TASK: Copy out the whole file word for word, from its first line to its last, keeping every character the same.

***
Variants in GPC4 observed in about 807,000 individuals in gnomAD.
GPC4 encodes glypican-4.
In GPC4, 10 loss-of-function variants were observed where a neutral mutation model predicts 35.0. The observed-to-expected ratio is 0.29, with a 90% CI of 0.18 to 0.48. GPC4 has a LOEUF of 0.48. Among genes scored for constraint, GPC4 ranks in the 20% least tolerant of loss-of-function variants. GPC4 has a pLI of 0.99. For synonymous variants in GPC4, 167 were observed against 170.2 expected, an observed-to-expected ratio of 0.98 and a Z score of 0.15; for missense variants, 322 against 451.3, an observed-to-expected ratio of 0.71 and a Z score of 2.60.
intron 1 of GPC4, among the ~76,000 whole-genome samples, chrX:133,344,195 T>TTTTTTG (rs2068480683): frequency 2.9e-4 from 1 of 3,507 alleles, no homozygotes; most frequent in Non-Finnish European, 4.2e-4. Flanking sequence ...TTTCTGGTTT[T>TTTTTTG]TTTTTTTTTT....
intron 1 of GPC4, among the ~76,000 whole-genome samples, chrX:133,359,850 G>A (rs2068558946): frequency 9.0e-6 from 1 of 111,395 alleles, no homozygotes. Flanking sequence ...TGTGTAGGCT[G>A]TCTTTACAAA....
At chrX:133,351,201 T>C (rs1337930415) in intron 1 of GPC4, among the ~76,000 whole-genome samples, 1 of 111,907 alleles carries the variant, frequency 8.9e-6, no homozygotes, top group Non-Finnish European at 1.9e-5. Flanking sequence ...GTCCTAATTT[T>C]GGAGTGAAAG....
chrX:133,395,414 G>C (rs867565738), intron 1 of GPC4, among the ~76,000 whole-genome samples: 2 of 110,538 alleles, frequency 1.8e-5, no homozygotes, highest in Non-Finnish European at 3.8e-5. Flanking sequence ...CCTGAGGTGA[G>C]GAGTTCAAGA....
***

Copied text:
Variants in GPC4 observed in about 807,000 individuals in gnomAD.
GPC4 encodes glypican-4.
In GPC4, 10 loss-of-function variants were observed where a neutral mutation model predicts 35.0. The observed-to-expected ratio is 0.29, with a 90% CI of 0.18 to 0.48. GPC4 has a LOEUF of 0.48. Among genes scored for constraint, GPC4 ranks in the 20% least tolerant of loss-of-function variants. GPC4 has a pLI of 0.99. For synonymous variants in GPC4, 167 were observed against 170.2 expected, an observed-to-expected ratio of 0.98 and a Z score of 0.15; for missense variants, 322 against 451.3, an observed-to-expected ratio of 0.71 and a Z score of 2.60.
intron 1 of GPC4, among the ~76,000 whole-genome samples, chrX:133,344,195 T>TTTTTTG (rs2068480683): frequency 2.9e-4 from 1 of 3,507 alleles, no homozygotes; most frequent in Non-Finnish European, 4.2e-4. Flanking sequence ...TTTCTGGTTT[T>TTTTTTG]TTTTTTTTTT....
intron 1 of GPC4, among the ~76,000 whole-genome samples, chrX:133,359,850 G>A (rs2068558946): frequency 9.0e-6 from 1 of 111,395 alleles, no homozygotes. Flanking sequence ...TGTGTAGGCT[G>A]TCTTTACAAA....
At chrX:133,351,201 T>C (rs1337930415) in intron 1 of GPC4, among the ~76,000 whole-genome samples, 1 of 111,907 alleles carries the variant, frequency 8.9e-6, no homozygotes, top group Non-Finnish European at 1.9e-5. Flanking sequence ...GTCCTAATTT[T>C]GGAGTGAAAG....
chrX:133,395,414 G>C (rs867565738), intron 1 of GPC4, among the ~76,000 whole-genome samples: 2 of 110,538 alleles, frequency 1.8e-5, no homozygotes, highest in Non-Finnish European at 3.8e-5. Flanking sequence ...CCTGAGGTGA[G>C]GAGTTCAAGA....